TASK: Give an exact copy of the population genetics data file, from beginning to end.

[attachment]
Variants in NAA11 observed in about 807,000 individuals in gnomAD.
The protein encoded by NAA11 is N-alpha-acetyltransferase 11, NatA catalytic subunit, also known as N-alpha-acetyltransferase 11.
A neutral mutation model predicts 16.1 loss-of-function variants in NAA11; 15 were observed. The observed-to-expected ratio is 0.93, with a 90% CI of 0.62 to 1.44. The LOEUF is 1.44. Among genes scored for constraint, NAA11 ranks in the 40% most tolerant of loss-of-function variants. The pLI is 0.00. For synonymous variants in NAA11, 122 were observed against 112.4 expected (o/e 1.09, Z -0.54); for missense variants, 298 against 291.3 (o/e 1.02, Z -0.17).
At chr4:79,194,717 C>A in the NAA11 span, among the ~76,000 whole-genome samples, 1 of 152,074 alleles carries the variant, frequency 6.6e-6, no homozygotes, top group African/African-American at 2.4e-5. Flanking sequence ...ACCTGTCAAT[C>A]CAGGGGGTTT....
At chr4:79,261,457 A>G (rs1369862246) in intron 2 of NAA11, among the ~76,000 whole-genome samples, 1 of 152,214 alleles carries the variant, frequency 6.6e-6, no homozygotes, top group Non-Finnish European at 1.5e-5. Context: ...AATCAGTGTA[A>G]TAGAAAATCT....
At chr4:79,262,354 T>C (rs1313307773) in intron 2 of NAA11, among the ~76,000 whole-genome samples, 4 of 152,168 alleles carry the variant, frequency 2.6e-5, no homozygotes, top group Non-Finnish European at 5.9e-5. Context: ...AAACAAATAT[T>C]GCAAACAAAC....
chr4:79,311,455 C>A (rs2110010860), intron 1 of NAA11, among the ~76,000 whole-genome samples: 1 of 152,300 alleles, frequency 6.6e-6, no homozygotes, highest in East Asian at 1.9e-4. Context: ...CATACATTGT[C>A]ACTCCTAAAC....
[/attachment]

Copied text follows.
Variants in NAA11 observed in about 807,000 individuals in gnomAD.
The protein encoded by NAA11 is N-alpha-acetyltransferase 11, NatA catalytic subunit, also known as N-alpha-acetyltransferase 11.
A neutral mutation model predicts 16.1 loss-of-function variants in NAA11; 15 were observed. The observed-to-expected ratio is 0.93, with a 90% CI of 0.62 to 1.44. The LOEUF is 1.44. Among genes scored for constraint, NAA11 ranks in the 40% most tolerant of loss-of-function variants. The pLI is 0.00. For synonymous variants in NAA11, 122 were observed against 112.4 expected (o/e 1.09, Z -0.54); for missense variants, 298 against 291.3 (o/e 1.02, Z -0.17).
At chr4:79,194,717 C>A in the NAA11 span, among the ~76,000 whole-genome samples, 1 of 152,074 alleles carries the variant, frequency 6.6e-6, no homozygotes, top group African/African-American at 2.4e-5. Flanking sequence ...ACCTGTCAAT[C>A]CAGGGGGTTT....
At chr4:79,261,457 A>G (rs1369862246) in intron 2 of NAA11, among the ~76,000 whole-genome samples, 1 of 152,214 alleles carries the variant, frequency 6.6e-6, no homozygotes, top group Non-Finnish European at 1.5e-5. Context: ...AATCAGTGTA[A>G]TAGAAAATCT....
At chr4:79,262,354 T>C (rs1313307773) in intron 2 of NAA11, among the ~76,000 whole-genome samples, 4 of 152,168 alleles carry the variant, frequency 2.6e-5, no homozygotes, top group Non-Finnish European at 5.9e-5. Context: ...AAACAAATAT[T>C]GCAAACAAAC....
chr4:79,311,455 C>A (rs2110010860), intron 1 of NAA11, among the ~76,000 whole-genome samples: 1 of 152,300 alleles, frequency 6.6e-6, no homozygotes, highest in East Asian at 1.9e-4. Context: ...CATACATTGT[C>A]ACTCCTAAAC....